The Mercury is a small theater with a big heart. So when it decides to stage Disney and Cameron Mackintosh’s “Mary Poppins: The Broadway Musical,” believe that it will have moving set pieces, flying nannies and more tap-dancing chimney sweeps and park perambulators in pink than you could ever imagine swarming over a stage better designed for monologues.
Because of these disparities in scale, the fact that every singer is miked and the music they are singing over-recorded makes this production overloud and overdone, despite the certainty that enthusiasm in a musical is rarely a bad quality. Reformulating a story that has been supremely done in film by actors forever associated with those roles cannot have been an easy task; not to thoroughly explore the particular magic of the theatrical milieu seems profound negligence.
Perhaps this is the reason that what is most delightful about the production are its deliberately theatrical effects: the hand puppet that suffices for the dog Willoughby toted around by Miss Lark (the ever winsome Leah Morrow), the flashlights carried by the ensemble that serve as moving constellations in a late scene, the cabinets that topple and then right the dishes they contain, the visible wires on which kites and governesses take to the air.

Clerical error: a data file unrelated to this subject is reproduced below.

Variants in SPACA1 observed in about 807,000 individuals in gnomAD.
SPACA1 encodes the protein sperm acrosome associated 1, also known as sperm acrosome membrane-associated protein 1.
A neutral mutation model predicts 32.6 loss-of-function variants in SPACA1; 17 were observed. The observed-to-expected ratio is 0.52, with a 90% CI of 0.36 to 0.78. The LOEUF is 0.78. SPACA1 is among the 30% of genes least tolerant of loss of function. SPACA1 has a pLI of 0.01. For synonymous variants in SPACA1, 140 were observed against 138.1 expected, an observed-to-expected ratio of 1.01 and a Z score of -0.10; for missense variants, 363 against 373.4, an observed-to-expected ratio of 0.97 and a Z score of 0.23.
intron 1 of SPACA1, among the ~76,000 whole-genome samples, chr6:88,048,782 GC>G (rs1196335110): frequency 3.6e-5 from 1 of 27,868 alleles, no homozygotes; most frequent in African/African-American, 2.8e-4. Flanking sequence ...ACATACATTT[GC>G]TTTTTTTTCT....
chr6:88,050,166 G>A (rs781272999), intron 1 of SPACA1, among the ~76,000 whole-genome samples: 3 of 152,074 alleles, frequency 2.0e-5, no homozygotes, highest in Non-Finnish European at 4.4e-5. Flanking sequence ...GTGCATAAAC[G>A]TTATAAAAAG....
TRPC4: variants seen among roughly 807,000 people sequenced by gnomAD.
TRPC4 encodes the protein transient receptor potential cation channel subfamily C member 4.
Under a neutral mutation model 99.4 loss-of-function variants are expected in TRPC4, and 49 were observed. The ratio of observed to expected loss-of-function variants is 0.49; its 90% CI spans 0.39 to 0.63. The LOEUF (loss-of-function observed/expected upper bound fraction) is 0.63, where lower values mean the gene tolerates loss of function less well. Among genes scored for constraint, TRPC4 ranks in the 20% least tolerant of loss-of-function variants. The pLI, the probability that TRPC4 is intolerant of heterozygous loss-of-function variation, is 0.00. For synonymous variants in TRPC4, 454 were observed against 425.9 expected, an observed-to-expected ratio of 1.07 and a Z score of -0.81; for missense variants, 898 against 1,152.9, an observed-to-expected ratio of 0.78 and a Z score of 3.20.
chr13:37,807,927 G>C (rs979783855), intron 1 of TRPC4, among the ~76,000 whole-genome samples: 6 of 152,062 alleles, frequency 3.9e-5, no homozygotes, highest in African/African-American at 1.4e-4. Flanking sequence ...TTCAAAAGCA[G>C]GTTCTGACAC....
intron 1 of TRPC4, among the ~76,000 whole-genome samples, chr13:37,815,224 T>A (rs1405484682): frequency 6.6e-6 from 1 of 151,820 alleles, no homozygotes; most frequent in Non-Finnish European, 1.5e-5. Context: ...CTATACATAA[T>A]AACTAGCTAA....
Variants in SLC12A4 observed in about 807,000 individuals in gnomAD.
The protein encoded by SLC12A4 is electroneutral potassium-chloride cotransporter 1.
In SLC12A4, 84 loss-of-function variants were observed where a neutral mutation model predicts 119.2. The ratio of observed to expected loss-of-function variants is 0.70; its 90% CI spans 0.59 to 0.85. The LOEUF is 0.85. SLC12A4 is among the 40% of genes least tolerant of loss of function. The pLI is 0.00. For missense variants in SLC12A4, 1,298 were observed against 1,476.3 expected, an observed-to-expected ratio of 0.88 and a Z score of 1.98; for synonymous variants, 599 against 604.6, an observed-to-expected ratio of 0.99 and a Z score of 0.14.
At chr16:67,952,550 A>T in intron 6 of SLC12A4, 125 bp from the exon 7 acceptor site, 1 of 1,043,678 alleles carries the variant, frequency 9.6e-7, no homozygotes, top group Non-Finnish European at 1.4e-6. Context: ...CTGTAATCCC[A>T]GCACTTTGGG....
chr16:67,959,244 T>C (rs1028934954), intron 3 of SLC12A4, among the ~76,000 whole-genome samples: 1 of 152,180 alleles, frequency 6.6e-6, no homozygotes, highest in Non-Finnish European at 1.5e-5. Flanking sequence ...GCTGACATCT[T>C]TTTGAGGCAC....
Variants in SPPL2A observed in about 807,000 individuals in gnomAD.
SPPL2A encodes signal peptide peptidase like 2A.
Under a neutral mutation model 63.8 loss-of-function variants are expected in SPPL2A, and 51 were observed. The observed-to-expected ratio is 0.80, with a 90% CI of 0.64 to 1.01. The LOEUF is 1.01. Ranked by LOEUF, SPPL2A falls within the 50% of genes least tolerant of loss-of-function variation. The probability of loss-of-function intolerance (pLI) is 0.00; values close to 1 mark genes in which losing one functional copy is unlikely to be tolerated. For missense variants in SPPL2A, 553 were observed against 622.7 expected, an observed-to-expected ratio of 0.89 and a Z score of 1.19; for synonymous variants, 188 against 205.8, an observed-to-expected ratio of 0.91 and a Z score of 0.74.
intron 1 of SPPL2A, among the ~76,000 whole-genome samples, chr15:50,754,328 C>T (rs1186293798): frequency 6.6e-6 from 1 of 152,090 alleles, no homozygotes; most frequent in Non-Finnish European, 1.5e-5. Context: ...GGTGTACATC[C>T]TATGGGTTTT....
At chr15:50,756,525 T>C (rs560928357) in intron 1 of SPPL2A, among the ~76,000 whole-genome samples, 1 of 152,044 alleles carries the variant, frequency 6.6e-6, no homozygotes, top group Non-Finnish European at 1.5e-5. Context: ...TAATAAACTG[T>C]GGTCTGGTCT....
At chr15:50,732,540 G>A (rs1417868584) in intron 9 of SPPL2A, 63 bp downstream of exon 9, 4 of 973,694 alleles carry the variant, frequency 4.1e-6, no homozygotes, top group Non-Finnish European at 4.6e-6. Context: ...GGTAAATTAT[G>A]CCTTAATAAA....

Perhaps this is also the reason that the utter lack of subtlety in the portrayal of character makes the overall rendering cartoonish and flat. It is difficult not to be entertained but unfortunately just as easy not to be transported, notwithstanding the valiant efforts of the actors, especially Matt Crowle in the part of Cockney-voiced jack-of-all-trades charmer Bert and the talented Casey Lyons, who brings genuine life to Michael Banks.
As the eponymous mystery nanny, Nicole Armold is sweet and true of voice. Kevin McKillip is appropriately uptight as the stern dad on the verge of a psychological breakdown from his miserable upbringing that, of course, he is attempting to impart to his children. “Supercalifragilisticexpialidocious” is a rousing game of Scrabble. Like a crumb cake, there’s plenty to enjoy if you don’t care much for substance. (Irene Hsiao)
Mercury Theater Chicago, 3745 North Southport, (773)325-1700, mercurytheaterchicago.com, $30-$65. Through May 28.